Nato’s purchase of five surveillance drones is “the first concrete sign” the military alliance is moving away from its dependency on the US, a security expert has said.
The new aircraft, unveiled by Nato Secretary General at a ceremony last week in Sigonella air base, Italy, are designed to look for moving objects over large areas of the ground and sea.
They will initially be used to track Russian movements in the Eastern Mediterranean as well as migrants crossing from North Africa.
Designated the RQ-4D Phoenix by Nato, the drones are a version of the US Global Hawk aircraft, one of which was shot down by Iran last year in the Gulf.
Justin Bronk from the Royal United Services Institute says the purchase is “quite a significant acquisition” and a “big departure” for the alliance, although he lamented the time it had taken.
“It is the first concrete sign of Nato taking serious steps to make a dent in the enormous dependency the alliance has on the US,” he said.
“What normally happens is most [alliance members] turn up with some fast jets, maybe [an air to air refuelling] tanker, and the Americans have to do all the target finding, classification, intelligence processing, battle-damage assessment, command and control and so on.”
The RQ-4D is designed to look for moving objects over large areas of the ground and sea. It has very sophisticated surveillance capabilities, such as signals intelligence, radars and a defensive-aid suite.
Mr Bronk says the aircraft, which are unarmed, will be tasked to track Russian movements in the Eastern Meditteranean as well as migration and smuggling from North Africa; a great concern to the southern member states of the 29-nation alliance.
A spokesperson for Nato denied the purchase of the drones meant Nato was becoming its own army, saying it was about “creating the glue that brings and keeps allies together”.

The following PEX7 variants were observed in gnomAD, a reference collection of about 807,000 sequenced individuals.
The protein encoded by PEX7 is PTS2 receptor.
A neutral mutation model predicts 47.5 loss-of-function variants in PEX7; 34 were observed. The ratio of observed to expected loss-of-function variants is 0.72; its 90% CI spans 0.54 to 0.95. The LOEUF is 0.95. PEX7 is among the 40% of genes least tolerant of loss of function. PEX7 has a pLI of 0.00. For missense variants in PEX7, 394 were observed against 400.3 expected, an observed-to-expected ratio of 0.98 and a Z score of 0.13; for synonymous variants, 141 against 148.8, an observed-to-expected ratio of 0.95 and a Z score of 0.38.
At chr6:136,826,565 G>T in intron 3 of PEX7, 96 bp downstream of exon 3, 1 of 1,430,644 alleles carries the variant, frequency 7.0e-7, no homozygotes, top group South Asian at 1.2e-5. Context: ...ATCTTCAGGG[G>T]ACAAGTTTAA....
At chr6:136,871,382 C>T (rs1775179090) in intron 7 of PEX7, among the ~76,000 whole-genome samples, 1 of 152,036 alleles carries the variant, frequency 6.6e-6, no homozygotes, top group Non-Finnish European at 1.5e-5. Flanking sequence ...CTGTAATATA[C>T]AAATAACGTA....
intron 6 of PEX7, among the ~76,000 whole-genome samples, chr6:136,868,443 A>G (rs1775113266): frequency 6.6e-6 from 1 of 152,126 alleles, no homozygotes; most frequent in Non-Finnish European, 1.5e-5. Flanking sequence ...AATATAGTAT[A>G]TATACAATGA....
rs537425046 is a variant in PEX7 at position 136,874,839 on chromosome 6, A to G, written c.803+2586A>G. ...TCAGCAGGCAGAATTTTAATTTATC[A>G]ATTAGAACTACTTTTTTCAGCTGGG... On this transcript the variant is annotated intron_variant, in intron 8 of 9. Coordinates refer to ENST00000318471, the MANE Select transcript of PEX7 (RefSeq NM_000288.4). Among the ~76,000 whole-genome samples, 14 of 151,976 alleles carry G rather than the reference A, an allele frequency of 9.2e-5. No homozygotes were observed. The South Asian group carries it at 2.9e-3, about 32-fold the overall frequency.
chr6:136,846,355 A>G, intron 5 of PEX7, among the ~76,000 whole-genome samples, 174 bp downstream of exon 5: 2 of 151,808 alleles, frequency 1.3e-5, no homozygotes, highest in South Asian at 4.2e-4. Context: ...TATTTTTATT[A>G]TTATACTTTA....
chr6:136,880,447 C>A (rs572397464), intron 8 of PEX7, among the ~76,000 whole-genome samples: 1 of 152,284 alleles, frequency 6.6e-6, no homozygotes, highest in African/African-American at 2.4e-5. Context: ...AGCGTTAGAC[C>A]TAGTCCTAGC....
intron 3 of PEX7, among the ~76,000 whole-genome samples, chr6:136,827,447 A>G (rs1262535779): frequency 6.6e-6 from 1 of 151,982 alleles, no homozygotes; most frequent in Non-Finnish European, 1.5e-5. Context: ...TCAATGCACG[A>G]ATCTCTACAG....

“Nato doesn’t aspire to be all things to all men," Oana Lungescu told the Telegraph, adding the alliance prefers to focus on “key enablers” like command and control systems and surveillance assets, as not all members have the full suite of capabilities.
She said Nato is an inter-governmental organisation where all decisions are taken by consensus and the purchase does not indicate the alliance is seeking to become a military entity in its own right.
"Nato is a platform for North America and Europe to sit down, decide and act, on areas of common security interest," she said. The aim is not for Nato to replace any of the allies, “because the allies are Nato”.
The drone purchase came after the paucity of airborne surveillance assets available to the military alliance became obvious in the Libyan campaign in 2011.
A decision was taken at the 2012 Nato summit in Chicago to buy the Phoenix aircraft.
The drones were paid for from the Nato common funding pool, a collective fund for projects of use to all member states. At around two billion euros a year, it is less than one per cent of the defence spending of all the allies.
About half of that goes on infrastructure such as airfields or the $260 million investment in Powidz, Poland; a forward base for American armoured vehicles, to be used in the event of a confrontation with Russia.
What remains of the budget can be spent on equipment to be shared by the alliance. “This is not the sort of funding that would buy you the full spectrum of capabilities...that an ally like the United States can provide,” Ms Lungescu says.
The aircraft based at Sigonella had flown 22 hours non-stop from California (they have the ability to fly for up to 30 hours). The remaining three are due to arrive by the end of 2020, with an initial operating capability of one aircraft available for tasking expected to be announced this summer.